It was time for a ride. My dad grabbed the reins and attempted to swing himself into the saddle. Each time he went to get up, Patty would step away so he’d miss, left foot in the stirrup, right foot hopping madly after his spinning horse. Always fun to see when it happens to someone else. Dad was busy not getting killed, so I knew he wouldn’t catch me giggling.

From watching many Western movies I knew that once you were up it was traditional to simply leap into a gallop from the spot. Dad didn’t let me down. Later I found out it wasn’t his idea to take off at a dead run.

Patty and Dad bolted down the hill. As Patty’s hooves spit out clumps of grass and gravel, I was impressed with my dad’s bravery, at least for a few seconds. Horse and rider reached the bottom of the hill and veered right. Actually, Patty veered right. My dad - left.

Another trick horses have is the nifty hold-your-breath-when-they-tighten-the–cinch move. They exhale when the going is good and voila – the saddle slides under the belly and it’s the end of the trail. Which was of course what Patty did, and why my dad was now sitting, spitting up daisies, in the grass at the bottom of the hill. And which is why, cowpokes, you should always recheck your cinch before you get on a horse. Game, set, and match to Patty.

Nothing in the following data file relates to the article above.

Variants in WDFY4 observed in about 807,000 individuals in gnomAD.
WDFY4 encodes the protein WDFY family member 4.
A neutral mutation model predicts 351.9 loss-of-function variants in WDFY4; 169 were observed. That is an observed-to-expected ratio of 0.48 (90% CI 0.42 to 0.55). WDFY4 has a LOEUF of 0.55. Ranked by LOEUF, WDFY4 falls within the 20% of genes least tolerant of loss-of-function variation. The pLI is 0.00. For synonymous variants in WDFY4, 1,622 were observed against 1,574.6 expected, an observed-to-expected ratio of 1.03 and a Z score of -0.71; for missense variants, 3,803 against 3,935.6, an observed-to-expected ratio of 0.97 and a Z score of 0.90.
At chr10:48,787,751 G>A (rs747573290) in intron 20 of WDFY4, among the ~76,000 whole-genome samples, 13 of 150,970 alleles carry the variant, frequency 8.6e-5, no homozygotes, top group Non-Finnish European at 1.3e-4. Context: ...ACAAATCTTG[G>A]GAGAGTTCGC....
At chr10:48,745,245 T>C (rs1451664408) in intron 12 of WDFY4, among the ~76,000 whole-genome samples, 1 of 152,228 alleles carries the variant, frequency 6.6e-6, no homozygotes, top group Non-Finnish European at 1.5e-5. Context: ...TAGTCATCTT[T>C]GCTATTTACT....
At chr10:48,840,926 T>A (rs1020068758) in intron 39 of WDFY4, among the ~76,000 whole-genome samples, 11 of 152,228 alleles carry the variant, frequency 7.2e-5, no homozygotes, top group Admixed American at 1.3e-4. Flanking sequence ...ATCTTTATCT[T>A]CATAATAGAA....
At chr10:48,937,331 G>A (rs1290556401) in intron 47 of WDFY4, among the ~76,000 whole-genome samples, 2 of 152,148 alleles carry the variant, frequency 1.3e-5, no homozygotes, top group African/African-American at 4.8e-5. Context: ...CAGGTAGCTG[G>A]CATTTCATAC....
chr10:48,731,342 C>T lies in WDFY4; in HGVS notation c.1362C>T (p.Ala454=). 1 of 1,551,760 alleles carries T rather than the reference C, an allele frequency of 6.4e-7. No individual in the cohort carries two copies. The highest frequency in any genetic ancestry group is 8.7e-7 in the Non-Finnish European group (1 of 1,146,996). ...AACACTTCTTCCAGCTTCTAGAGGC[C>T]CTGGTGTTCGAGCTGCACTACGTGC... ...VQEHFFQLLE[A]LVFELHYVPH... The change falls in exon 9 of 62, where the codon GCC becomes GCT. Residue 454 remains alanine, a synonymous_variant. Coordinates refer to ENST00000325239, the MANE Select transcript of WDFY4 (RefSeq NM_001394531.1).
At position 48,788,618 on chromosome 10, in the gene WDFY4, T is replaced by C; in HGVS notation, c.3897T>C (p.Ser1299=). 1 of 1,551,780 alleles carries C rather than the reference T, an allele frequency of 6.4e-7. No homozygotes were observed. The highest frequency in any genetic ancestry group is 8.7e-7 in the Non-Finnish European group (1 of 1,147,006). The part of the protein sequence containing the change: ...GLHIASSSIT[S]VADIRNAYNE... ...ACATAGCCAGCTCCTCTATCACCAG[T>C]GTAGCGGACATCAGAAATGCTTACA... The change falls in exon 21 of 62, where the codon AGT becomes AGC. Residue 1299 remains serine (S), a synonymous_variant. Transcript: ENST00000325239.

I don’t think my dad ever rode again. There’s an expression – get back on the horse, meaning when life knocks you down, don’t give up – try again. There’s a little-known amendment to that expression – if you don’t want to get back on the horse, have your offspring do it.

Not that I had to be prodded. Thinking Patty’s vile ways were standard equestrian behavior, I rode as much as I could. In other words, as long as Patty would let me. Honestly, I didn’t care how mean she was – I had a horse and I was going to ride. In no specific order, I ended up getting tossed off, bucked off, scraped off, dragged, trampled and rolled upon. Once Patty even reached around, grabbed my foot in her teeth, and flung me from the saddle to the dirt. But at least I got to ride. As my mother would put it years later – I rode off and on.

Sunday, May 18, 2008

8 Seconds - Dad's First Ride - Chapter One